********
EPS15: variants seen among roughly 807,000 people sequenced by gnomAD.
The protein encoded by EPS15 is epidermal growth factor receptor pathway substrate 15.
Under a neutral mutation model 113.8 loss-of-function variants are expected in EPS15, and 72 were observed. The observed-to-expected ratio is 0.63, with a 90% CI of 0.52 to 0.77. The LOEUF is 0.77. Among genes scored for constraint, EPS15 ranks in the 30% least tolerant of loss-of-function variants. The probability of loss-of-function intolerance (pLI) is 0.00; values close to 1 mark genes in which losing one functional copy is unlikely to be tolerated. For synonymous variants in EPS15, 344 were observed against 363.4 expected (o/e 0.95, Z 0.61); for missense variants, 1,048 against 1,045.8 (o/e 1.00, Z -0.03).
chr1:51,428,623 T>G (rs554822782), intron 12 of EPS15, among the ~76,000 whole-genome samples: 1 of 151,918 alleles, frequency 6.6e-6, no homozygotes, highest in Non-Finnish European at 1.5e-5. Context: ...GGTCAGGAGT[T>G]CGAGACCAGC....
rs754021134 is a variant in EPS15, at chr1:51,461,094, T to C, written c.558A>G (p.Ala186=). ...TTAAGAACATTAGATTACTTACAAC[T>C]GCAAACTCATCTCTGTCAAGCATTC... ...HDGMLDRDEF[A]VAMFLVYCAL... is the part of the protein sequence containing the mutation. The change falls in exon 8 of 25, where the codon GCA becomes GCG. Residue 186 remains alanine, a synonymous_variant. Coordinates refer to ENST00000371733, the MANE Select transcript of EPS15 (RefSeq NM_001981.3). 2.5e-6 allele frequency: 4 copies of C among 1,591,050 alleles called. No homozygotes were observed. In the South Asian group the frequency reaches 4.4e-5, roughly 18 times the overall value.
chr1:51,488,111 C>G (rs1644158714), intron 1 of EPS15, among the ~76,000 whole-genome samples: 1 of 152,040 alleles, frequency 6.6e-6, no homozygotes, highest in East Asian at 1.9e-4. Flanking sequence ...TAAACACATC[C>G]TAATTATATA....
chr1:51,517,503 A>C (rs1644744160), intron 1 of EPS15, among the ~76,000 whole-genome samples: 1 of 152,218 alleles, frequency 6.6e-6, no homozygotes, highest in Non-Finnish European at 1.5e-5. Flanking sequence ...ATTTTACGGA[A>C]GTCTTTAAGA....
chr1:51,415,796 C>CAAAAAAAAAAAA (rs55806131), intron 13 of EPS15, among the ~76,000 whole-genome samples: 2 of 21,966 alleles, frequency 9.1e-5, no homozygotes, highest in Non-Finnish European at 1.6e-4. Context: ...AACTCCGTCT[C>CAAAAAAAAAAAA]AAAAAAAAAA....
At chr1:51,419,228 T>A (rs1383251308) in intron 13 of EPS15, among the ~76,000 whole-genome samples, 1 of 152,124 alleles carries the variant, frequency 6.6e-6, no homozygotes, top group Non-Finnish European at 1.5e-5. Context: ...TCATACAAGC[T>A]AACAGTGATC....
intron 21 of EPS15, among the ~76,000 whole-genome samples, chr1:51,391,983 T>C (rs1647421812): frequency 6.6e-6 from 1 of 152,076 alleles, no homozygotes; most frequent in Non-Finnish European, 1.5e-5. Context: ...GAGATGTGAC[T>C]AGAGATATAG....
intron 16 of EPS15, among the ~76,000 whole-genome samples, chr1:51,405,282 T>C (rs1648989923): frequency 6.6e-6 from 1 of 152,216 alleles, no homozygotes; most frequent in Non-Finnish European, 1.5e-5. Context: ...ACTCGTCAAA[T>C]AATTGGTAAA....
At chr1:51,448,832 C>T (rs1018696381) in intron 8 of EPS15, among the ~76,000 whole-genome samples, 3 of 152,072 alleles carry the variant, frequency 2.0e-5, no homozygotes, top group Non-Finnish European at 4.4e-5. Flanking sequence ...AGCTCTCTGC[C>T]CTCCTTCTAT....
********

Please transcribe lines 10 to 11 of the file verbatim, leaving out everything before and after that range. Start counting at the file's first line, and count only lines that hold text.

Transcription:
intron 21 of EPS15, among the ~76,000 whole-genome samples, chr1:51,391,983 T>C (rs1647421812): frequency 6.6e-6 from 1 of 152,076 alleles, no homozygotes; most frequent in Non-Finnish European, 1.5e-5. Context: ...GAGATGTGAC[T>C]AGAGATATAG....
intron 16 of EPS15, among the ~76,000 whole-genome samples, chr1:51,405,282 T>C (rs1648989923): frequency 6.6e-6 from 1 of 152,216 alleles, no homozygotes; most frequent in Non-Finnish European, 1.5e-5. Context: ...ACTCGTCAAA[T>C]AATTGGTAAA....